Western Sahara

The Council on Ethics of the AP Funds analysis of Western Sahara is based on a UN statement that exploration and extraction of mineral resources in Western Sahara is in violation of international law, the UN Convention on Civil and Political Rights and the UN Convention on Economic, Social and Cultural Rights. Companies that practice exploration and extraction of mineral resources in Western Sahara are thus considered to be violating international law, which may form the basis for a recommendation on exclusion. The Council on Ethics does not consider that renewable raw materials are covered by the UN statement.

The Council on Ethics of the AP Funds analysis of Western Sahara is based on a UN statement that exploration and extraction of mineral resources in Western Sahara is in violation of international law, the UN Convention on Civil and Political Rights and the UN Convention on Economic, Social and Cultural Rights. Companies that practice exploration and extraction of mineral resources in Western Sahara are thus considered to be violating international law, which may form the basis for a recommendation on exclusion. The Council on Ethics does not consider that renewable raw materials are covered by the UN statement.

Background Western Sahara conflict

Western Sahara has been on the UN list of non-autonomous territories to be decolonised and enjoying the right to self-determination since the early 1960s. A conflict between Morocco and the Western Saharan liberation movement Polisario arose in 1975 in connection with Morocco claiming Western Sahara when the former colonial power Spain was getting ready to leave. Morocco has since de facto controlled the area. A significant group of Moroccan settlers has moved into Western Sahara since 1975, which is not compatible with international law. This has probably changed the demographics of Western Sahara in such a way that people of Moroccan origin today make up a majority of the population. Within the framework of the UN-led process of reaching a political solution, the parties, Morocco and Polisario, met in direct talks on two occasions, which are the first meetings in almost a decade. However, the trial came to a halt after the UN Secretary – General’s personal envoy for Western Sahara left office at the end of May 2019.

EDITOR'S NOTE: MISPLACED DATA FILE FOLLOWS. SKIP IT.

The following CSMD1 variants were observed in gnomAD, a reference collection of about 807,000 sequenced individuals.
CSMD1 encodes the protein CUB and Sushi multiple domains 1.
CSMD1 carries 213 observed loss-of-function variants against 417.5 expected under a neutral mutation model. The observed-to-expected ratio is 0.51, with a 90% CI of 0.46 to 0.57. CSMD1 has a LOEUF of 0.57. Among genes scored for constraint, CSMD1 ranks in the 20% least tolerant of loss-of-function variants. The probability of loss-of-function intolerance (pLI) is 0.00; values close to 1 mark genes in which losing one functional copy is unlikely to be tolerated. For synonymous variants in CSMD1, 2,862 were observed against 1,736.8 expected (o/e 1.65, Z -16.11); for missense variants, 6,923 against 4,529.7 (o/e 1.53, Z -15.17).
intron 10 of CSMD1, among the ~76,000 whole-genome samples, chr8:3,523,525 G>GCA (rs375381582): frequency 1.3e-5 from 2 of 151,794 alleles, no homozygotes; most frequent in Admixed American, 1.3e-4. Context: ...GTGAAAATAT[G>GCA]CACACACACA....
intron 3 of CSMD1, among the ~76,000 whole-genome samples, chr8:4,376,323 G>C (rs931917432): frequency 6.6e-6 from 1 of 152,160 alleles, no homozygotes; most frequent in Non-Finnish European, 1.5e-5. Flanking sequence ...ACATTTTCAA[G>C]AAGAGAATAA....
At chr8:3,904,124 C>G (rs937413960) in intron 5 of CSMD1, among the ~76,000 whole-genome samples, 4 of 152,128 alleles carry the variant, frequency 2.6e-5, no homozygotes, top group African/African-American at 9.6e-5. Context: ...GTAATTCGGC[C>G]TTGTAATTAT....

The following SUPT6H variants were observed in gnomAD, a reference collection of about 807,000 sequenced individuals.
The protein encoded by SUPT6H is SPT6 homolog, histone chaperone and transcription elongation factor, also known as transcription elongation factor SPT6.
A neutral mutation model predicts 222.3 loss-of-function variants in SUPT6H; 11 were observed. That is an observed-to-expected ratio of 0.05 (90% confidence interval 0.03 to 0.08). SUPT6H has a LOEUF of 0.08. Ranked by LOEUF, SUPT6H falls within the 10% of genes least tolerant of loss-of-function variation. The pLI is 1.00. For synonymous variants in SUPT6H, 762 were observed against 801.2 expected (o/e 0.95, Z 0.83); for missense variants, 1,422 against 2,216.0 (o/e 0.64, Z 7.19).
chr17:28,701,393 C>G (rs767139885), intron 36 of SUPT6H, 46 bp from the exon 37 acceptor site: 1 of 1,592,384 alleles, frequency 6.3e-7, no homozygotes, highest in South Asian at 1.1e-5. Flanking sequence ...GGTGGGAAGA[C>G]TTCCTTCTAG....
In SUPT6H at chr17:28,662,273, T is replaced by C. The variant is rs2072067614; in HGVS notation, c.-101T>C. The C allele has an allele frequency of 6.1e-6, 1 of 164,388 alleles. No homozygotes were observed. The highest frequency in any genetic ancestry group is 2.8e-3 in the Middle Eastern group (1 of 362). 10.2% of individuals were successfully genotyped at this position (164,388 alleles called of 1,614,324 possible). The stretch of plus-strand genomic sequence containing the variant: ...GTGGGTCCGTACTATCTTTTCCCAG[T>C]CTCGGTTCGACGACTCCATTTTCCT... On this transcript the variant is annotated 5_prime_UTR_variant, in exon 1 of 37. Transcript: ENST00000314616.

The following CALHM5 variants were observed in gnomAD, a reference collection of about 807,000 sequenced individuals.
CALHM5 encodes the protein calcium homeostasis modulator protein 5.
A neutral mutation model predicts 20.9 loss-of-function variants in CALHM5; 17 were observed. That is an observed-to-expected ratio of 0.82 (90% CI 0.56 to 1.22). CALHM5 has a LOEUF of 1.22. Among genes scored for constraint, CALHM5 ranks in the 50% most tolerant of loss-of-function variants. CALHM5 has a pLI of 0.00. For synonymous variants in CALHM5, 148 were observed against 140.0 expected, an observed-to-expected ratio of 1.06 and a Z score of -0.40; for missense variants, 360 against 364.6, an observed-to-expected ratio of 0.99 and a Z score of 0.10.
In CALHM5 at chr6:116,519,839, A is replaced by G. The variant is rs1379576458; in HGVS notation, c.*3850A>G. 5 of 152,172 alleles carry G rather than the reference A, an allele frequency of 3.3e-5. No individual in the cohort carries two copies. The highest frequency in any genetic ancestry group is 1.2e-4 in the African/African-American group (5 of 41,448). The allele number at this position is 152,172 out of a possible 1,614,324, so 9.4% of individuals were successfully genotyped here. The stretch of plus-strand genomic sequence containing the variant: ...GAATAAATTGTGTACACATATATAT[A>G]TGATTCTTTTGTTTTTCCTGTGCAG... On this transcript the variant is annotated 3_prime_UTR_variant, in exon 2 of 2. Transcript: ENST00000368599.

The International Court of Justice’s advisory opinions and statements by the UN

In an advisory opinion from 1975, the International Court of Justice ruled that the people of Western Sahara have the right to self-determination and the UN Security Council confirmed this. Despite this guidance and other contributions from the international community, Western Sahara conflict has not been resolved.

Guidance for the Council on Ethics’ analysis of the Western Sahara conflict is also provided by the statement from 2002 by the then UN Secretary-General for Justice, Hans Corell. The statement states that the extraction of mineral resources from Western Sahara is in violation of international law, the UN Convention on Civil and Political Rights and the UN Convention on Economic, Social and Cultural Rights. Hans Corell’s statement concludes with “… if further exploration and extraction are carried out without regard to the interests and wishes of the people of Western Sahara, they would be in violation of the principles of international law for activities involving mineral resources in non-autonomous territories.”

Exploration and extraction of mineral resources is in violation of international law

In its analysis, the Council on Ethics has focused on companies that in various ways can be linked to the extraction of mineral resources from Western Sahara. The aim of the Council on Ethics’ dialogues is to get companies to stop extracting or purchasing mineral resources from Western Sahara, or to demonstrate that the extraction or purchase of mineral resources is carried out in accordance with the interests and wishes of the people of Western Saharan, in line with the UN statement from 2002 Western Sahara.